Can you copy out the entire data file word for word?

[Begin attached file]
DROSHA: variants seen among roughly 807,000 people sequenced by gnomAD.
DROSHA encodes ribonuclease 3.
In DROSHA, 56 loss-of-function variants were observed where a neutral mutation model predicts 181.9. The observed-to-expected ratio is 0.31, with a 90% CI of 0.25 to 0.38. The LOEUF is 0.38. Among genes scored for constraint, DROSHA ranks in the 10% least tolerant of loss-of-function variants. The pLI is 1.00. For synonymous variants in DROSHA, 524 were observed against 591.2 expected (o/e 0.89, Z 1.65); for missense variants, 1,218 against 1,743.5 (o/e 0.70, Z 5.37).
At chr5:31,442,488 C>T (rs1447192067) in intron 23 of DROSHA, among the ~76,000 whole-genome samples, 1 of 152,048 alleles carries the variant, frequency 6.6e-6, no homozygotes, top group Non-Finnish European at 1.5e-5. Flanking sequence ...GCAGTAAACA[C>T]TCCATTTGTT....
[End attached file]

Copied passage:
DROSHA: variants seen among roughly 807,000 people sequenced by gnomAD.
DROSHA encodes ribonuclease 3.
In DROSHA, 56 loss-of-function variants were observed where a neutral mutation model predicts 181.9. The observed-to-expected ratio is 0.31, with a 90% CI of 0.25 to 0.38. The LOEUF is 0.38. Among genes scored for constraint, DROSHA ranks in the 10% least tolerant of loss-of-function variants. The pLI is 1.00. For synonymous variants in DROSHA, 524 were observed against 591.2 expected (o/e 0.89, Z 1.65); for missense variants, 1,218 against 1,743.5 (o/e 0.70, Z 5.37).
At chr5:31,442,488 C>T (rs1447192067) in intron 23 of DROSHA, among the ~76,000 whole-genome samples, 1 of 152,048 alleles carries the variant, frequency 6.6e-6, no homozygotes, top group Non-Finnish European at 1.5e-5. Flanking sequence ...GCAGTAAACA[C>T]TCCATTTGTT....